The Groundlings stay fully dressed in their latest sketch comedy and improv show, and thank heaven: In the skit “Breathe Me,” about two fumbling dancers with an overload of sexual tension, Annie Sertich places her face so close to Alex Stagg's leotard-clad crotch, it's a wonder she doesn't suffocate. (Don't worry, parents, you can't see anything through the fringe on his toga.) I'd call that sketch a standout, except that this is the most uniformly solid Groundlings show I've ever seen, thanks to its emphasis on eclectic ideas threaded by comedy that arrives with plain-spoken ease. Sometimes it even has a bite, as in “Marco,” when a posh, bored couple (Michaela Watkins and David Hoffman) lasers in on charming their shy Latin waiter (Mikey Day). But when he gives in to their insistence that he have a drink at their table, the wife clutches at her purse. In “Career Placement,” Day plays a seventh-grader depressed when a standardized test concludes that he should be a night floor manager at Michael's. And Sertich has another raw moment as a struggling actress trying to charm the casting agents (Staggs and David Hoffman) who want her to fess up to an embarrassing personal story for a cheese commercial. Like many a Hollywood lost soul, she can't gauge the difference between what's amusing and what's shockingly personal. Comediennes Watkins and Sertich own the show, and director Damon Jones makes sure neither is stuck playing the girlfriend. (He even gives them the first improv all to themselves.) In every skit, their characters are uniquely memorable and brazenly funny. Among the strong cast of six, only Day gives Watkins and Sertich a serious challenge, playing everything from a Death Star desk jockey kissing up to Darth Vader to a squealing girl at summer camp in a bit of drag that's strikingly accurate at capturing the mind of a swoony preteen. Groundlings Theatre, 7307 Melrose Ave., Fri., 8 p.m.; Sat, 8 & 10 p.m.; thru Oct. 1. (323) 934-9700,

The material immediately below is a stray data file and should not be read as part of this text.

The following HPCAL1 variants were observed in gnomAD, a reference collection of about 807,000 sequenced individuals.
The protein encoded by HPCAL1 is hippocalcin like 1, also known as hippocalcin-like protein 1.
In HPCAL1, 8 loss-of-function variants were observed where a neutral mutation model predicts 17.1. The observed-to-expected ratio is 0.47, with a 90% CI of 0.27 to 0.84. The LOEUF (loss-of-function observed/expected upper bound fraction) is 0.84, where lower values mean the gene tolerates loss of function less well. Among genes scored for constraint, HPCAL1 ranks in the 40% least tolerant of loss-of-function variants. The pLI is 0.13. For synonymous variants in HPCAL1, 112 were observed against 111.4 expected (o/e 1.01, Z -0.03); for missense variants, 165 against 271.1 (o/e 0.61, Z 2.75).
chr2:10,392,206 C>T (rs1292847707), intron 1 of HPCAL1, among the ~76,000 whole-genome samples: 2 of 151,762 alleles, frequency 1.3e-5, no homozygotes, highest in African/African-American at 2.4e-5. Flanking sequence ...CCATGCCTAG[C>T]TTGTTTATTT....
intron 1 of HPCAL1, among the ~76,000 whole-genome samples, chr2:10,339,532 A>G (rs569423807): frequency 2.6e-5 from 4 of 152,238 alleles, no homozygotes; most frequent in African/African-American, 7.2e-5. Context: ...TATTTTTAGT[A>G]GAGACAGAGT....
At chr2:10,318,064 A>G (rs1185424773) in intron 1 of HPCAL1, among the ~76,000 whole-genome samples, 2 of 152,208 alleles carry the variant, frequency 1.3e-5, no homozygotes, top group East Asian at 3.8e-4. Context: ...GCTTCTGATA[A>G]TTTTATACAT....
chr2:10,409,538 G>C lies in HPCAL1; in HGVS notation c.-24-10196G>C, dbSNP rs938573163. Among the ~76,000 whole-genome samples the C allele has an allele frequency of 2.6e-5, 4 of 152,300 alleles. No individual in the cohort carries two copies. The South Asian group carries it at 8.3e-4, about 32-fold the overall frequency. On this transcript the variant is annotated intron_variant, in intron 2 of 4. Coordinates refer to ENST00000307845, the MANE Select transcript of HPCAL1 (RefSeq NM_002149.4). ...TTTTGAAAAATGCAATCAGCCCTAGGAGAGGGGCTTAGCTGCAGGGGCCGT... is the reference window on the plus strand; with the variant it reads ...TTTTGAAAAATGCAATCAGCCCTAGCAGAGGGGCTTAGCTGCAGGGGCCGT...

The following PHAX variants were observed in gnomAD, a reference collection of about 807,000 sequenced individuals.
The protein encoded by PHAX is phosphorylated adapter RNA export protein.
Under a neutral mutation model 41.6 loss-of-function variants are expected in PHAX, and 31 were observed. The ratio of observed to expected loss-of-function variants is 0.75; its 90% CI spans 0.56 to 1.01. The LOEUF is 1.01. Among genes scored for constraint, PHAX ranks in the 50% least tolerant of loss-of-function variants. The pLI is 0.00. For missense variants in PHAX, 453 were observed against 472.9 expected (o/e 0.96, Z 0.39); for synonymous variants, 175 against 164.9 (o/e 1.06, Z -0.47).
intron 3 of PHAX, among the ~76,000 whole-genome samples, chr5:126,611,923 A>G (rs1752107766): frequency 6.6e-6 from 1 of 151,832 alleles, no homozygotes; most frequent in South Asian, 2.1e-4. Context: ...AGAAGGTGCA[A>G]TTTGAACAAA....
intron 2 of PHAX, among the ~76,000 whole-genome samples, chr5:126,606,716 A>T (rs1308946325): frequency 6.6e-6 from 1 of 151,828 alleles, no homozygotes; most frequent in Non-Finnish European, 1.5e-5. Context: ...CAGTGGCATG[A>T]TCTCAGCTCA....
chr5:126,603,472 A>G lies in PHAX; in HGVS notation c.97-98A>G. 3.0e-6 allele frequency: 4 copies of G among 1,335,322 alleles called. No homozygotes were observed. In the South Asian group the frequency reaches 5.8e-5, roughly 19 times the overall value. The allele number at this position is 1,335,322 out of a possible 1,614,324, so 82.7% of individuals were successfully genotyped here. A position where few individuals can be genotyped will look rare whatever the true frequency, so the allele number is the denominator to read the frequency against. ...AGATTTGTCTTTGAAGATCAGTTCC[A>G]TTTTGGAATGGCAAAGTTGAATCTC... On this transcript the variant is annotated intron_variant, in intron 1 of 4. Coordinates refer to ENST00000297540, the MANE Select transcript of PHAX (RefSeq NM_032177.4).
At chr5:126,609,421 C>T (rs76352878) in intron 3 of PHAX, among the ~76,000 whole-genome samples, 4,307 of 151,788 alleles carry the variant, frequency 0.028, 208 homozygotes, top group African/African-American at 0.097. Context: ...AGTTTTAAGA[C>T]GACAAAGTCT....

Fridays, 8 p.m.; Saturdays, 8 & 10 p.m. Starts: July 22. Continues through Oct. 1, 2011

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